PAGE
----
(6:31) S: So I was actually in a relationship when I entered grad school. I ended up being in a long distance relationship because I traveled for grad school and that was actually really hard because I had my family who wanted me to come home a lot because we were a very tight nit, close family. We celebrated everybody’s birthday and they would ask me if I would come home for so-and-so’s birthday. So I was coming home two times a month instead of studying, which is what I should've been doing. And so I got into the cycle where I would come home, travel four hours to come home. I would spend the weekend with my family and with my partner, and my friends and I would go back and I would be really lost at school because I hadn't had the weekend to study, which is what everyone else did. Then I would slowly get back into rhythm. Then I would come home again. It was like this constant cycle of trying to please everybody, trying to please the people at home, trying to please this boyfriend, because he wanted to see me and I wanted to maintain this relationship and then I would go back and have to deal with a lot of anxiety and a lot of feeling unprepared in my classes and feeling really stressed that I wasn't going to get my work done because I didn't have time.
I was doing this for a really long time and part of it was because I had this relationship. So when I went to Maryland, my boyfriend told me that he didn’t know if we would make it. Later, years later, he told me—which is really funny—that he thought we broke up when I moved, even though he didn't tell me that we broke up. He thought in his head that we had broken up because I moved away. I said to him, “Well, why did you keep talking to me?” He said, “Well, you kept calling, so I kept answering the phone,” and I said, “Well, if I knew we had broken up maybe I wouldn't have called.” It's funny, but that's another way I think I didn't really feel supported because I felt like there’s no way he could have understand what grad school is because he didn't go to grad school.
He also grew up in an immigrant family that never really left Queens. So I was leaving, going to another state to study, nobody in my life really understood what that was like and I was in this relationship that I was struggling to hold onto. We did end up getting married and we were separated for six years, but I realize how much I struggled and how much work I did to hold onto a relationship because I felt like I needed that relationship. I felt like I needed this guy. And I think from a very early age, especially because I had lost my father, I was sort of taught that I needed to get married and I needed somebody to take care of me. At the same time, I saw my mother take care of herself and take care of her children as a single mom. So in some ways, I got this really mixed message that I had to economically take care of myself and I had to get an education but at the same time I also needed a man to protect me from all kinds of things. I really believe that part of my goal was to get married. He's a wonderful person and I think also because I had like a really chaotic childhood, I also believe that I needed him because he provided a lot of stability for me. But I recognize now how in some ways, you know, getting married was as equally as important as getting a PhD. I sort of knew from a very young age that that is something that I had to do. Now I realize that it was a lot of pressure in so many ways to hold onto that relationship.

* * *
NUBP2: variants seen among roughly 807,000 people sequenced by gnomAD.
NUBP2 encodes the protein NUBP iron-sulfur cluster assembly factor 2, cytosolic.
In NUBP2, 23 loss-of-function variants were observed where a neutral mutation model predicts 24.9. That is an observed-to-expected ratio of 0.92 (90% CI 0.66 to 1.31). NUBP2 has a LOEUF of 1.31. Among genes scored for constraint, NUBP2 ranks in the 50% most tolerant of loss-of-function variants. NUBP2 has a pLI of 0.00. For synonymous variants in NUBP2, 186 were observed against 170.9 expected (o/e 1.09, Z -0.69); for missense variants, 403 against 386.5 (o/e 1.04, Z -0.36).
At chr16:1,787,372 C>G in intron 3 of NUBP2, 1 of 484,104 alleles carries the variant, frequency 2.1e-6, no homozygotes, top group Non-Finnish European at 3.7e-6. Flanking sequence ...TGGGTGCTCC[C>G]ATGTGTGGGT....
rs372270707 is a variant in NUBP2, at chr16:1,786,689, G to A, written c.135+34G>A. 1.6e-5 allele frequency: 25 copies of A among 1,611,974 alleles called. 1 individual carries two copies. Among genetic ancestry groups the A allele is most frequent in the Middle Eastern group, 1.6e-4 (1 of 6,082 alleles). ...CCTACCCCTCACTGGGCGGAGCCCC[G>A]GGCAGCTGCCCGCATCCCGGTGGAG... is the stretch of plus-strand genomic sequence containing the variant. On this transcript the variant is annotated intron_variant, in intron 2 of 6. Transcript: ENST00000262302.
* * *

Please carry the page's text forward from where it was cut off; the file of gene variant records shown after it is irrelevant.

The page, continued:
I mean, we're married, we have a child and like I said, he's a great person, but it was just too much pressure and there was no pressure on him to maintain the relationship. For a long time, he saw it as he was doing me a favor in some ways or like he gave me permission or he let me go there, and I think a lot of people saw it that way. You know, that he was such a good guy because he'd let me go get my education and he stayed with me even though we were apart.
(12:19) I: So he took care of your son while you went back to grad school?
(12:23) S: So at one point in grad school, after I finished my classes, I took my exams. After that you have to write a dissertation, which is like 200 pages. It takes years. At that point I decided to come home to New York and I said I would write from home. When I came home, you know, we had been married for about three years and people were just constantly asking me when we were gonna have a kid. I didn't really think that I was ready to have a child. I really wanted to finish school. School has always been my priority. Because my life has been so crazy, I think that school just offered a sense of stability and it's something that I really loved.
I love learning, I love growing and I got a lot of support from teachers because they saw that I was capable but maybe needed some extra help sometimes. So school's always been my priority. So when I came home, I felt a lot of pressure to have a child. We had been married for three years. Every time we went to any family event, that's all everybody ever asked me about. Nobody ever asked me about school. Nobody ever asked me about teaching or other things that I did, and so I felt like I had to have a baby, and so I did (laughs). I feel like that was another box, in some ways, that I was checking. And I love my son. We are incredibly close and being a mother is really incredible but at the time that I had him, I felt like I could have waited a little bit longer before having him, at least until I finished school. But because I also felt pressure, and I was also used to kind of doing what everybody wanted me to do, I decided to have him and I have no regrets about having him. I just realized that I also could have waited a little bit in my own time to have him.